As it happened – beyond the stories… when it comes to masterpieces who owns history?

The years 1801-1803 is the standout period on the international cultural calendar.

That was the year Greece lost its Marbles. 

In one of the world’s great travesties – that continues today – classical architectural masterpieces from the 5th Century were hacked from the walls of the Parthenon and stolen.

A collection of classical Greek marble sculptures, the Elgin Marbles, better known (for good reason) as the Parthenon Marbles, are on display in the British Museum.

Despite the 2009 opening of the new Acropolis Museum in Athens to accommodate classic sculptures, especially the sacred Marbles, the British Museum won’t hand them back.

A British Act of Parliament vested the marbles to the museum’s trustees and 200 years of attempted negotiations by Greece has led to nothing.

The classical Greek marble sculptures was made under the supervision of the revered architect and sculptor Phidias. 

They were part of the temple of the Parthenon and other buildings on the Acropolis, attached to walls during construction and not separate items.

During periods of war and damage, various outsiders paid bribes to pick up loose pieces of marble on the Parthenon floor.

But in 1801-03, it was dramatically different. British Ambassador, Scotland’s Lord Elgin, bribed the Turk occupiers of Greece and his team of workers illegally sawed and hacked precious Marbles from the walls.

This wasn’t sanctioned by the British Government but they sent ships to Greece, at Lord Elgin’s request, to carry the Marbles back to England. 

Some precious pieces had their backs sawn off to reduce their size and weight before being packed in crates.

Lord Elgin paid £70,000 for the overall mission. But, back home, he went bankrupt and offered them to the British Government. 

Government ministers, however, didn’t want Lord Elgin to be seen making a profit from the cultural acquisition and valued the Marbles at just £35,000, half of what it had cost him.

Lord Elgin insisted they be called the Elgin Marbles and into the British Museum they went.

The museum trustees are still not sympathetic to calls for the Marbles to be reinstated in their rightful home, the purpose-built museum in the Parthenon, a World Heritage Site.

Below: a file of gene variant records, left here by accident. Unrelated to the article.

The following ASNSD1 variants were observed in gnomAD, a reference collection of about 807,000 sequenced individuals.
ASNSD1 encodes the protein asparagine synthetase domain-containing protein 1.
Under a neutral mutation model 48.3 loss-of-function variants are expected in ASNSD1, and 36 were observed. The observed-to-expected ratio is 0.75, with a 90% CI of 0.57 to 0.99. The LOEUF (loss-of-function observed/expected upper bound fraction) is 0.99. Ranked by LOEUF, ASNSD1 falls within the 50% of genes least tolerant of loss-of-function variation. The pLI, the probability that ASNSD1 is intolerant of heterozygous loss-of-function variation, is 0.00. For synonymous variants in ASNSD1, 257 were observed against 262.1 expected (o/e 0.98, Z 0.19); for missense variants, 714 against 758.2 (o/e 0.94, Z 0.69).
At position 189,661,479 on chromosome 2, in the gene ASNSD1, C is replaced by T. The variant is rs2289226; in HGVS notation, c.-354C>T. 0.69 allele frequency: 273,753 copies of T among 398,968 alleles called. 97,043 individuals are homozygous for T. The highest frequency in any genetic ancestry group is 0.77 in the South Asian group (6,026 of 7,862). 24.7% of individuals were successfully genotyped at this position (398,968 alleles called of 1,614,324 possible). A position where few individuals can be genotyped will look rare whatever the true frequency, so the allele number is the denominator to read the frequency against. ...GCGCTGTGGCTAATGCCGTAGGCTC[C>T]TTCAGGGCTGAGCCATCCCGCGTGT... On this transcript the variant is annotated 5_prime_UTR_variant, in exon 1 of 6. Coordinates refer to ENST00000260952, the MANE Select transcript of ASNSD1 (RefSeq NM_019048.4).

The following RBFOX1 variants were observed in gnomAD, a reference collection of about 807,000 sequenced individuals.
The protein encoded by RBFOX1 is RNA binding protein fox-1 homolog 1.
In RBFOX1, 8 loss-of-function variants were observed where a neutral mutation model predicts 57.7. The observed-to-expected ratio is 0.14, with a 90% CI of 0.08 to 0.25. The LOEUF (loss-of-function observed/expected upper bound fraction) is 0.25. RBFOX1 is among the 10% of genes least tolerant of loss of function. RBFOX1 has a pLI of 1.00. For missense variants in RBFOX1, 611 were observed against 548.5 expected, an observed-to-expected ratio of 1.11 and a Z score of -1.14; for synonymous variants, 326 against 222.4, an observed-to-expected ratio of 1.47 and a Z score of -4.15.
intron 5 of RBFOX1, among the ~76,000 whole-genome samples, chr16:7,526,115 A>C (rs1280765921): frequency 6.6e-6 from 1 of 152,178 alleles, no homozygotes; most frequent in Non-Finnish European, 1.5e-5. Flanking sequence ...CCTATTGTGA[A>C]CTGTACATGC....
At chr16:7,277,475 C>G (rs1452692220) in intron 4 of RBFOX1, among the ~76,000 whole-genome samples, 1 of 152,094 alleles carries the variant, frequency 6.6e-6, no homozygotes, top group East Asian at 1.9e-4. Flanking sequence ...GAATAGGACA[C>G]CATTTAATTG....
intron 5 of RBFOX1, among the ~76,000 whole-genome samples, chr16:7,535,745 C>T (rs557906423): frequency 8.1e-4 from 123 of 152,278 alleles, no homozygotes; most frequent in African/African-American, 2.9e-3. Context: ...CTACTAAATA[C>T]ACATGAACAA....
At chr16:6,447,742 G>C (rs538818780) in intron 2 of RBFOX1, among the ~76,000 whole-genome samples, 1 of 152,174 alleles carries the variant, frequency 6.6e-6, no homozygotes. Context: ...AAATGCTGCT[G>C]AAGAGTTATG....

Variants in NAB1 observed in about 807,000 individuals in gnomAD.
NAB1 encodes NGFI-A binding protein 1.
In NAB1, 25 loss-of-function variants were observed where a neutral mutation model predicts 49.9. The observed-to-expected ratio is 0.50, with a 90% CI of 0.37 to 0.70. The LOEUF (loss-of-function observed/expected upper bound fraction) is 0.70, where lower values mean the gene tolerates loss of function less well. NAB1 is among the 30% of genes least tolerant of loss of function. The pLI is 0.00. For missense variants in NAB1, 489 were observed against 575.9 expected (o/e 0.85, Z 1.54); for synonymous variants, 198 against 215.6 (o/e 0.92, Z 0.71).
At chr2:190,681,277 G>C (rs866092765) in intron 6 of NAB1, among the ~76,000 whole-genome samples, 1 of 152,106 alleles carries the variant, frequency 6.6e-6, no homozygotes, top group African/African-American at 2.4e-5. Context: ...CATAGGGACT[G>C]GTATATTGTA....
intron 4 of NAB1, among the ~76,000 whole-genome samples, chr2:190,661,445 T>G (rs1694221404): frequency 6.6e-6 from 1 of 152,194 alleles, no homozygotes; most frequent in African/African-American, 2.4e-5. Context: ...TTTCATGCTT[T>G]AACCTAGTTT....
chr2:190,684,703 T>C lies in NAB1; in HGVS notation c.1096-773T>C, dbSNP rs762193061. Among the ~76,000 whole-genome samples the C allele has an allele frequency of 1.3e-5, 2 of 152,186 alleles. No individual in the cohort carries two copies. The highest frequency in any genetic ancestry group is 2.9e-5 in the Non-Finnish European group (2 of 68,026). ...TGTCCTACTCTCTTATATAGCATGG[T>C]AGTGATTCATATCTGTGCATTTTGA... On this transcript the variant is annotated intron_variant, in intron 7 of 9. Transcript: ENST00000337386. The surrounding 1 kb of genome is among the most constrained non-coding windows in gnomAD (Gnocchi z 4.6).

Trustees argue that all its exhibits display different cultures of the world. They exhibit the big picture. They also claim legislation forbids them from repatriating them.

But the British Government argues that it’s up to museum trustees to run its affairs.

The issue bubbled-up again in recent times when repatriation supporters hoped the Brexit deal would include provision for the return to Greece of the marbles. Nothing doing.

The eminent Aussie Human Rights lawyer, Brit-based Geoffrey Robertson, outlined the Marbles full story in his 2019 book, Who Owns History?

UNESCO has declared: “Cultural property increases the knowledge of the civilisation of man, enriches the cultural life of all peoples and inspires mutual respect and appreciation among nations.”

Yet nations continue to be obstinate. The British Government has previously changed its laws to allow for the return of sacred items, including Aboriginal remains to Australia. But these have been rare.

Says Robertson: “Russia refuses to repatriate art treasurers seized from German museums and citizens, Pakistan refuses requests for Bengali artefacts from the 1970 genocide and Turkey refuses to return sacred items to Armenians from the 1915 genocide.” 

The Nazi looters, of course, rank at the top of cultural criminals.

Vatican museums hold 70,000 items taken by missionaries on ‘civilising’ missions.

The British Museum claims the Marbles are “part of everyone’s shared heritage and transcend cultural boundaries”.

The museum isn’t short of exhibits. But with eight million items, only 80,000 are exhibited, leaving 7.9 million in storage.

“A few museums are beginning to salve their collective consciences by offering heritage items back on loan but with conditions,” Robertson writes.

But to the nations they come from, this is seen as an insult by countries that: “can’t bring themselves to confront demands for justice.”

“It is that demand, beginning with the Marbles and extending to other victims of the crimes of colonialism, that now must be answered,” writes Robertson.